Home Food The Chef Is Human. The Reviewer Isn’t.

The Chef Is Human. The Reviewer Isn’t.

by белый

Critic’s Notebook

A new study showed people real restaurant reviews and ones produced by A.I. They couldn’t tell the difference.

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The White Clam Pizza at Frank Pepe Pizzeria Napoletana in New Haven, Conn., is a revelation. The crust, kissed by the intense heat of the coal-fired oven, achieves a perfect balance of crispness and chew. Topped with freshly shucked clams, garlic, oregano and a dusting of grated cheese, it is a testament to the magic that simple, high-quality ingredients can conjure.

Sound like me? It’s not. The entire paragraph, except the pizzeria’s name and the city, was generated by GPT-4 in response to a simple prompt asking for a restaurant critique in the style of Pete Wells.

I have a few quibbles. I would never pronounce any food a revelation, or describe heat as a kiss. I don’t believe in magic, and rarely call anything perfect without using “nearly” or some other hedge. But these lazy descriptors are so common in food writing that I imagine many readers barely notice them. I’m unusually attuned to them because whenever I commit a cliché in my copy, I get boxed on the ears by my editor.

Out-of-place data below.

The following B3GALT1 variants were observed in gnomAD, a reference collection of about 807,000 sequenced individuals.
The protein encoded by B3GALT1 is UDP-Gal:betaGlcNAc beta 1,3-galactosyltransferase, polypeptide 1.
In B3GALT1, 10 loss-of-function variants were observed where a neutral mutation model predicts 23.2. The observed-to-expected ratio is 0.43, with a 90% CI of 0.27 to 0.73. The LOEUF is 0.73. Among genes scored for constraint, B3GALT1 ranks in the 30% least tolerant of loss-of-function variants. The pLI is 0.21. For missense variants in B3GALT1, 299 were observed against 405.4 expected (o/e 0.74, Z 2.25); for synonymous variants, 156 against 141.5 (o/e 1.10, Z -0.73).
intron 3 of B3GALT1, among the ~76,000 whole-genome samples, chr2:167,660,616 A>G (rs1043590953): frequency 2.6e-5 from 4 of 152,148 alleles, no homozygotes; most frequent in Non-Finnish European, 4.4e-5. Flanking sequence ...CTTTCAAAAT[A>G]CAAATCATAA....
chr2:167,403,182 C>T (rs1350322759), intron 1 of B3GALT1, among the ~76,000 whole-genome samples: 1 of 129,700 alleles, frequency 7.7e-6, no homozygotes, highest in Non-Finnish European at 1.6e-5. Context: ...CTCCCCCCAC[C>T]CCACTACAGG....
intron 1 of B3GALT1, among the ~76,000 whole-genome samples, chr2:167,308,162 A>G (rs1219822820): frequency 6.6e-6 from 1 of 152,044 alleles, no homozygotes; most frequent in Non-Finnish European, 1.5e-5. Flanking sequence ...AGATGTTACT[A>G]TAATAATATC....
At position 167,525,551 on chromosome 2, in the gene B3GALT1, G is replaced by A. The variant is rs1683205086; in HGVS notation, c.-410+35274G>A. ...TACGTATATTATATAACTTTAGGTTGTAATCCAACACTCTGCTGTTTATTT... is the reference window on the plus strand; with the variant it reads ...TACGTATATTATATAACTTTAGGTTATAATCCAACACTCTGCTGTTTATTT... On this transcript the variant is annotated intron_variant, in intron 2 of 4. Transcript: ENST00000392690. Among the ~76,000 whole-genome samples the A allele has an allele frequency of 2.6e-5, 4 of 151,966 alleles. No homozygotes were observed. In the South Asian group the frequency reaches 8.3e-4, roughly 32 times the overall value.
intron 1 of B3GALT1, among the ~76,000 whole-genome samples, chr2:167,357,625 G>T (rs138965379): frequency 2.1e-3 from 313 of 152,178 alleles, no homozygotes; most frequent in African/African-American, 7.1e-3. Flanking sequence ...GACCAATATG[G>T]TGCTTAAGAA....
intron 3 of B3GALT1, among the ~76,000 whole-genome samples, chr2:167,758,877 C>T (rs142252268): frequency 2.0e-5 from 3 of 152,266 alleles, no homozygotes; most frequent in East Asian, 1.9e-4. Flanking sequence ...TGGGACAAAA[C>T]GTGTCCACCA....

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He wouldn’t be fooled by the counterfeit Pete. Neither would I. But as much as it pains me to admit, I’d guess that many people would say it’s a four-star fake.

The person responsible for Phony Me is Balazs Kovacs, a professor of organizational behavior at Yale School of Management. In a recent study, he fed a large batch of Yelp reviews to GPT-4, the technology behind ChatGPT, and asked it to imitate them. His test subjects — people — could not tell the difference between genuine reviews and those churned out by artificial intelligence. In fact, they were more likely to think the A.I. reviews were real. (The phenomenon of computer-generated fakes that are more convincing than the real thing is so well known that there’s a name for it: A.I. hyperrealism.)

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